Cocaine Piss – ‘Piñacolalove’

By James Lee

Self-described as a ‘glittershitstorm’, Liege, Belgium’s noisiest sons (and daughter) Cocaine Piss have been tearing up stereos, venues and general presumptions about hardcore’s inherent machismo since their 2013 demo through to last year’s debut full-length, the Steve Albini-produced ‘The Dancer’. This month the band have returned with a new EP, ‘Piñacolalove’, released on Hypertension Records, and from its first blistering seconds onward it’s clear Cocaine Piss have managed to retain everything that made their previous releases so one-of-a-kind, whilst also pushing the boat out a little further sonically than they have before.

Always a cacophonic mess of squalling punk rock, Cocaine Piss appear to have taken on a marginally more extreme sound on ‘Piñacolalove’, particularly noticeable on its opening title track, which has a more overtly hardcore flavour than anything they’ve committed to tape in the past. The combination of heavy rumbling bass and guitars with singer Aurelie’s piercing shriek has resulted in something that sounds like an alleyway brawl between Trash Talk and X-Ray Spex, and though that sounds quite unpalatable on paper, Cocaine Piss’s swagger and confidence allows them to pull it off without it sounding forced.

Second track ‘Candy’ has a more menacing mood thanks to its sludgy riffs, though it’s very much a gloomier shade of neon. This is still as far from ‘dark’ music as you could possibly get whilst still retaining a decent level of heaviness. Though not a joke band in any sense, there is a fun atmosphere in Cocaine Piss’s work that’s undeniable, from their tongue in cheek lyrics (find us another band who could so earnestly plea with their audience to “find your fucking inner unicorn”) to their manic, off-the-wall riffs and bright, cartoonish artwork. It’s a refreshing alternative to much of the forcefully glum punk and hardcore that permeates the scene at the moment, and has already reaped the band much well-deserved attention.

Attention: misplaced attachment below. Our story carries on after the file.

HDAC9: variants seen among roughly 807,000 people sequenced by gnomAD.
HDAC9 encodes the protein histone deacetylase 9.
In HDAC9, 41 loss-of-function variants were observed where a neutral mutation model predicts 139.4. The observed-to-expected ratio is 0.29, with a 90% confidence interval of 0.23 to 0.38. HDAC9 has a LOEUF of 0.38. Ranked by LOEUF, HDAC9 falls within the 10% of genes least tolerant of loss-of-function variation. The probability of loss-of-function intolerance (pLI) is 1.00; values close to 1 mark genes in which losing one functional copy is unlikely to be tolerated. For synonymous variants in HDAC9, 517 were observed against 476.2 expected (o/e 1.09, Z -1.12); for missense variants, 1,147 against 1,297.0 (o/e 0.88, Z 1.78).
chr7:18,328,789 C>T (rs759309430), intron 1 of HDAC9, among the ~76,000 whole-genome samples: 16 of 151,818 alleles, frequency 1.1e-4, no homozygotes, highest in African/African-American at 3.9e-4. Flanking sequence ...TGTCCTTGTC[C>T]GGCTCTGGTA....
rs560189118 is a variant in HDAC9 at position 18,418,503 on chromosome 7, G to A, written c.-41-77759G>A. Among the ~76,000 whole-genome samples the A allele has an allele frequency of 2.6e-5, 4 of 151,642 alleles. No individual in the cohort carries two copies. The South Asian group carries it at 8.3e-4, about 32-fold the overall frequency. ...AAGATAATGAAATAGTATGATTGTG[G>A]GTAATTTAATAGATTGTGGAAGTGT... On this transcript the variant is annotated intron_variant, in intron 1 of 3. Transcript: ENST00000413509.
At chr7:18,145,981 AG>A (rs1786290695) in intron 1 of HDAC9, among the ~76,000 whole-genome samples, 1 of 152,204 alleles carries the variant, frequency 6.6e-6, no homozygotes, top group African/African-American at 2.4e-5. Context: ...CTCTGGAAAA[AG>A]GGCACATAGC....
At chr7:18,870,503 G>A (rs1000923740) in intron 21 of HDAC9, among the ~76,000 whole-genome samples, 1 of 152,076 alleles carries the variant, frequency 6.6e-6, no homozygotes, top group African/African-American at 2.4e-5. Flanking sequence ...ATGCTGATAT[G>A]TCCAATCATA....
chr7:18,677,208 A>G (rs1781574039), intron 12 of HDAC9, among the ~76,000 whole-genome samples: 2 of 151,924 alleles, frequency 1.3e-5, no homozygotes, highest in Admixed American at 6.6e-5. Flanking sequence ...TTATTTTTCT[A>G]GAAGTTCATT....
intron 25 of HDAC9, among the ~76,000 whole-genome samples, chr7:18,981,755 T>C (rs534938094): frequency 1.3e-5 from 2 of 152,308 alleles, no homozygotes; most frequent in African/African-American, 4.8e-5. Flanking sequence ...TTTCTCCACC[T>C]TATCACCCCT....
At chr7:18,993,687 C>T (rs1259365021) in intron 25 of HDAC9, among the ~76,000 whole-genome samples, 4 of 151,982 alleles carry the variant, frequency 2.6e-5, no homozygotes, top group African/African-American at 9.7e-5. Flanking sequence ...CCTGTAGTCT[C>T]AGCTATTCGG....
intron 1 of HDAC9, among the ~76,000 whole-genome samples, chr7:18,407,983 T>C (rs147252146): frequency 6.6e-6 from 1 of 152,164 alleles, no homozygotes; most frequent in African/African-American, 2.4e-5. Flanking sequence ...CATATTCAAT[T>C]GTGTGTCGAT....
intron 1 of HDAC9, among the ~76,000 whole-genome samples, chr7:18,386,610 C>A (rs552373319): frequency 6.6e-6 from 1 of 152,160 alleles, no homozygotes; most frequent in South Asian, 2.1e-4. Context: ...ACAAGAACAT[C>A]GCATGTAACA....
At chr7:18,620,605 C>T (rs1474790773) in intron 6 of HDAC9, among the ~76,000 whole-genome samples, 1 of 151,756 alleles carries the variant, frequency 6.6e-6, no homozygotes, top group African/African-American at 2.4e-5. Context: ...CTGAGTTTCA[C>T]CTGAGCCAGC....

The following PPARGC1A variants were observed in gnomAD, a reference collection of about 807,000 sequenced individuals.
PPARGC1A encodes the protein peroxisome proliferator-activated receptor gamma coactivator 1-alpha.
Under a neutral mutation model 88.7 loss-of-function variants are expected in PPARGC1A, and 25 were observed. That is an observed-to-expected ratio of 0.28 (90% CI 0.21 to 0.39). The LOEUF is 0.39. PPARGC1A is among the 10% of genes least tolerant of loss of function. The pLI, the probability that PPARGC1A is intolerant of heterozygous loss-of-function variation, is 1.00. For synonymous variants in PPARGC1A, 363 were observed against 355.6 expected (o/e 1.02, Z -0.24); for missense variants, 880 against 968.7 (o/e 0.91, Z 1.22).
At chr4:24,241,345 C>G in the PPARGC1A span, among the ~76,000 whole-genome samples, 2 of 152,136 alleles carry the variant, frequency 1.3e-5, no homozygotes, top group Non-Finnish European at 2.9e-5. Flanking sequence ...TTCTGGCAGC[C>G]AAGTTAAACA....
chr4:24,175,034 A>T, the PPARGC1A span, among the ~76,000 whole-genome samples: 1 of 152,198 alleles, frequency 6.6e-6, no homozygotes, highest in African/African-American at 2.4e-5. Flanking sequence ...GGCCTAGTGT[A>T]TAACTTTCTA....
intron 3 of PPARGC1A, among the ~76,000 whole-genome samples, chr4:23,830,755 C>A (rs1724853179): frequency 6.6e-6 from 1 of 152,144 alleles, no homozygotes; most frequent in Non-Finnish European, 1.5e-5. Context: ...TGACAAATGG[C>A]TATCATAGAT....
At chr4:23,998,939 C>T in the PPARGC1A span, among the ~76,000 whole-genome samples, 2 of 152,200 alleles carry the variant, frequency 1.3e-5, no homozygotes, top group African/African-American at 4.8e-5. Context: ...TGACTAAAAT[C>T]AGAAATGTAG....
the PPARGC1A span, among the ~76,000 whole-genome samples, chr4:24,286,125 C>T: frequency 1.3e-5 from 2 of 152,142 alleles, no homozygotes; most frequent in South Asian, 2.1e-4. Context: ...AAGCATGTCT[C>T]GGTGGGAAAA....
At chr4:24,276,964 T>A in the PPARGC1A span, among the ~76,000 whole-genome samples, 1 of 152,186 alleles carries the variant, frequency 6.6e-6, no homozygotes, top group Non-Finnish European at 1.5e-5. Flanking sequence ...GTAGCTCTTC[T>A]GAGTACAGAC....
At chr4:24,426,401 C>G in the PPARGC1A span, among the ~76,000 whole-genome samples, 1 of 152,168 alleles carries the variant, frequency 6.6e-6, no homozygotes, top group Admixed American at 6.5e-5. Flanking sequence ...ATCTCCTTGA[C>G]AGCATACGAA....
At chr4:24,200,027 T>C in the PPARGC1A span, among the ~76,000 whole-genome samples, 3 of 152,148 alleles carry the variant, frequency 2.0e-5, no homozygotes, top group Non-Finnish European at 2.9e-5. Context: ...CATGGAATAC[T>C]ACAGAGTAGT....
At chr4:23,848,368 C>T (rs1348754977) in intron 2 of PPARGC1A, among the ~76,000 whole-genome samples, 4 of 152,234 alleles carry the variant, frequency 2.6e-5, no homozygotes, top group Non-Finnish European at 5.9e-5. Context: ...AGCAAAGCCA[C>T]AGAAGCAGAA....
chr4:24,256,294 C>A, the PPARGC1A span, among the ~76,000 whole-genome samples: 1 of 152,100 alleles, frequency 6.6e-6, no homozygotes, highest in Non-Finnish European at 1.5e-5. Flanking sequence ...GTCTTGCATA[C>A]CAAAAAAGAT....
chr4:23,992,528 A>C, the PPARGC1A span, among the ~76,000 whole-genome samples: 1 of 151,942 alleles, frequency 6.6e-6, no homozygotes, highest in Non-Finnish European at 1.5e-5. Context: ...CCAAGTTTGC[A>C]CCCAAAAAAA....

Further cementing the band’s lack of pretension, the EP’s painfully short running time (only one song breaks the two-minute mark), is bolstered by three very diverse covers of tracks from ‘The Dancer’. These range from a screeching electronic rendition of ‘Ugly Face On’ to a plinking ukulele take on ‘Happiness’, capped off by an almost surf-y mangling of ‘Sex Weirdos’. None of these versions are superior to Cocaine Piss’s originals, but offer interesting takes on the material, and prove that the madness of the band’s songs can transcend into other forms of music easily.

‘Piñacolalove’ is a brief but highly enjoyable return from one of the most unique bands in Europe today. The Mike Patton-on-helium vocals may alienate the more gruff hardcore kids, but it’s their loss – Cocaine Piss have found their fucking inner unicorn, and are going to ride it all the way to the top.

JAMES LEE

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